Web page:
Realistically, every landscape requires some degree of maintenance that will produce trimmings, no matter how carefully it was designed or installed to prevent waste. These trimmings can be managed in many ways, including composting. However, from an efficiency perspective the best way to manage landscape trimmings is to simply leave them in place! Nowhere is this practice easier than on those green areas that make up a huge part of Californias landscapeslawns.
As we continually note, yard trimmings make up the largest single component of Californias municipal waste. It is estimated that grass clippings make up about half of all yard trimmings over the course of the year, and much more in areas with expansive suburban lawns.
University studies have shown that the average California lawn generates 300 to 400 pounds of grass clippings per 1000 square feet annually. This can be as much as eight tons per acre each year! Significant quantities of water, fertilizer, and labor go into producing all those clippings, and it is a shame to see that all go to waste if the clippings are thrown away. By practicing responsible turf management, including "grasscycling," a landscaper can both reduce those inputs, and at the same time eliminate the waste.
What Is Responsible Turf Management?
Responsible turf management refers to installing and maintaining a lawn in an environmentally sound and cost effective manner. By doing it right from the start, turf can be managed with only moderate water and fertilizer requirements, and the headaches of thatch removal and disease control can also be minimized.
By preparing the area correctly before laying turf or seeding, long term management can be eased significantly. Make sure that the area has good drainage, achieved through proper grading and underground conduits. Avoid installing turf on berms or severe slopes unless necessary. Other drought resistant ground covers might serve the purpose better than turf. Whether native soils are sandy or clay, the turf will benefit from the addition and deep tilling of well composted organic material. This helps the soil and grass plants better manage water and nutrients. Allowing for deep root growth will contribute to overall turf health and resilience.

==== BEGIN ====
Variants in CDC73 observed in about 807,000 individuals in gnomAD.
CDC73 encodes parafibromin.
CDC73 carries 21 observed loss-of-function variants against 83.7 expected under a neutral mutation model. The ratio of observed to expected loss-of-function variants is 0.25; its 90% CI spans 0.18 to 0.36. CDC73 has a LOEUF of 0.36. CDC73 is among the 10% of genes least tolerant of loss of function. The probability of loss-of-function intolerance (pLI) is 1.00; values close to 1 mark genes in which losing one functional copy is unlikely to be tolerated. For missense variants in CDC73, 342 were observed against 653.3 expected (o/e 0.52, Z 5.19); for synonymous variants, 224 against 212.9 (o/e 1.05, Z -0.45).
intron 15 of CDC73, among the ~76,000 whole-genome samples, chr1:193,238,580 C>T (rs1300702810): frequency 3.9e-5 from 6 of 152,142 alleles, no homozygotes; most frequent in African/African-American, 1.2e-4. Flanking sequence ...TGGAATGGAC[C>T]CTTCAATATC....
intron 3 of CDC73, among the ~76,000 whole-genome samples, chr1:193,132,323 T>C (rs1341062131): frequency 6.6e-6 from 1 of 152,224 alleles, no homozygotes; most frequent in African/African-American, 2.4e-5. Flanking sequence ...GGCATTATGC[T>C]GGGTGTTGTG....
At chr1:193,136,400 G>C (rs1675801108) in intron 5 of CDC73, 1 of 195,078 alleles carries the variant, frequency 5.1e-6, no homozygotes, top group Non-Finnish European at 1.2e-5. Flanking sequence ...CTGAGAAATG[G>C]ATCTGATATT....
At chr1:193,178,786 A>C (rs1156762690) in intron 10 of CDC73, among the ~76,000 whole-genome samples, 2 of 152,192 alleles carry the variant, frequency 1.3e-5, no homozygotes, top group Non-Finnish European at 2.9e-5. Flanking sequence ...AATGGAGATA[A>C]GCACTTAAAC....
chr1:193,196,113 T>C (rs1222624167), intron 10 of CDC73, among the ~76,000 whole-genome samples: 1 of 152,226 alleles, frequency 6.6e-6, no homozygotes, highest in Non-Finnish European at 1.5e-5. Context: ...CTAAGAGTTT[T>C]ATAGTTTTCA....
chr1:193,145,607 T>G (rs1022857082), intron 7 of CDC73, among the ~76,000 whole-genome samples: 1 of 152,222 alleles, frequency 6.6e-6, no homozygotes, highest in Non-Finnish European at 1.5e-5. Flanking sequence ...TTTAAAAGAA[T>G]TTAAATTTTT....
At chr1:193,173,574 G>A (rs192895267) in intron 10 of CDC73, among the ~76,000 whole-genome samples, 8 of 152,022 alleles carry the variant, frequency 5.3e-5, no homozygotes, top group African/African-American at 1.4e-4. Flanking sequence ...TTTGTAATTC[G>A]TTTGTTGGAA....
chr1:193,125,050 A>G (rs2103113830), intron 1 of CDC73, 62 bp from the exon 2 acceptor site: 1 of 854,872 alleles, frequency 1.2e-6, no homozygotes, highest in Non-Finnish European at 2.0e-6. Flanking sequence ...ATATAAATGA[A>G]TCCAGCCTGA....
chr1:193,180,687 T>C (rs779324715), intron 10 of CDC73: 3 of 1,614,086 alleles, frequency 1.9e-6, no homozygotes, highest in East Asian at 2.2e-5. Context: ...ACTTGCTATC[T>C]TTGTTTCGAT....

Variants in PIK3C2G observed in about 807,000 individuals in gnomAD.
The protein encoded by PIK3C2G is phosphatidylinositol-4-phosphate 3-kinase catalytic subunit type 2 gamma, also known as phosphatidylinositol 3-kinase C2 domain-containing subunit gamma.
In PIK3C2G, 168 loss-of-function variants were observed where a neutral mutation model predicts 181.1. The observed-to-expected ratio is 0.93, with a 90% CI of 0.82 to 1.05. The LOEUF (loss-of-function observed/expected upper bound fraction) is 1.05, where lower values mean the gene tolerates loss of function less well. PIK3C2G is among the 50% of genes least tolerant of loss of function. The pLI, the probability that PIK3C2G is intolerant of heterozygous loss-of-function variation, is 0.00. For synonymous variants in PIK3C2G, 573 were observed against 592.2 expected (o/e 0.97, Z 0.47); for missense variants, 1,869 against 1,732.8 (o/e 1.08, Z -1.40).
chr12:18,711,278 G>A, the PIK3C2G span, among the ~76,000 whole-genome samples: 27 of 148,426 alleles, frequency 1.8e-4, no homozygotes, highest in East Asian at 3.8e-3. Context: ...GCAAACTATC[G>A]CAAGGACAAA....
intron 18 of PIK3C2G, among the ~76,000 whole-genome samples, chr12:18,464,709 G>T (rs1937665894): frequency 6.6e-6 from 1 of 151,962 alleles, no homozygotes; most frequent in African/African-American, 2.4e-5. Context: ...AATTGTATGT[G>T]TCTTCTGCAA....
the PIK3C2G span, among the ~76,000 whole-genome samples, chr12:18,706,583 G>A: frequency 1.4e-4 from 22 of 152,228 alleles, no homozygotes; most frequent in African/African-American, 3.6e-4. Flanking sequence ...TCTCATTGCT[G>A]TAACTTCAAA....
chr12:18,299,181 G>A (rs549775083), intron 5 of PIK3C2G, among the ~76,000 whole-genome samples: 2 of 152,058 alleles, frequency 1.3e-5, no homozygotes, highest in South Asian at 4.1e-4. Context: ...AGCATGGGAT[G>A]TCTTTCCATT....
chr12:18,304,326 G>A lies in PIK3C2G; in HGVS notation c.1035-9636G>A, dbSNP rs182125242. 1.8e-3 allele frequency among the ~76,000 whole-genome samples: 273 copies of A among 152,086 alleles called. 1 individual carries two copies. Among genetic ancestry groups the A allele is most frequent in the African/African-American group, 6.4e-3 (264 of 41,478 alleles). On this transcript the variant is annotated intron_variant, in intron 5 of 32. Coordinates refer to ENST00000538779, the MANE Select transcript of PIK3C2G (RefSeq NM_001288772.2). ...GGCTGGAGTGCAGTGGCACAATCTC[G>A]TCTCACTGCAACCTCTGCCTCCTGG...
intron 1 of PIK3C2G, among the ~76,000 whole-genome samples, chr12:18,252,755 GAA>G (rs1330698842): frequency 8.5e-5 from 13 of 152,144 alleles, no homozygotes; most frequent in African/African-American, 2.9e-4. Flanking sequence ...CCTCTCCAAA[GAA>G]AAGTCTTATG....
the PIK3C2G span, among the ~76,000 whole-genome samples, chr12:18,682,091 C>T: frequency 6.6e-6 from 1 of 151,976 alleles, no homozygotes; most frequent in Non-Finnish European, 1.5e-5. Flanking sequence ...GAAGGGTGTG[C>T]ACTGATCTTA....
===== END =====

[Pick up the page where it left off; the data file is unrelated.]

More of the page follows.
Turfgrasses vary in their need for water. Most grasses in California need about one inch of water every five to seven days in the growing season and much less during slow growth months. Lawns watered too frequently tend to develop shallow root systems which may make them more susceptible to stress and disease. Deep, infrequent watering produces a deeper, extensive root system which enables turf to resist disease and stress. Overwatering not only is wasteful, it also causes lawns to grow faster and require more mowing.
It is a good idea to regularly check irrigation systems for even coverage. A simple audit can be performed by placing empty containers in a number of locations around a lawn, and then run the system. (Empty tuna cans work great, and are just about two inches deep.) See if the containers fill evenly, and how much water is delivered during a regular watering. Adjust sprinkler heads to avoid dry or soggy spots.
The best time to water is early morning, as less water is lost due to evaporation, and water pressure is at its peak. Try to avoid watering in the evening because prolonged damp conditions may encourage disease development.
Proper fertilization is essential in maintaining a healthy lawn. However, over-fertilization can weaken a lawn by causing excessive and succulent top growth. For moderate, even growth, use a combination of fast acting fertilizers (ammonium nitrate, ammonium sulfate, or urea) and slow release nitrogen sources such as sulfur-coated urea, urea formaldehyde, IBDU or organic fertilizers. Avoid using large quantities of fast acting fertilizers. These fertilizers produce very fast growth for short periods.
Check with a local turf specialist to determine the fertilization rates for your grass type. Chances are you can get by with less than the recommended amount of fertilizer and still have a beautiful lawn.
Regardless of the grass type and its fertility needs, as a general rule, it is better for the lawn, and grasscycling, to apply smaller quantities of fertilizer more frequently rather than larger amounts less frequently.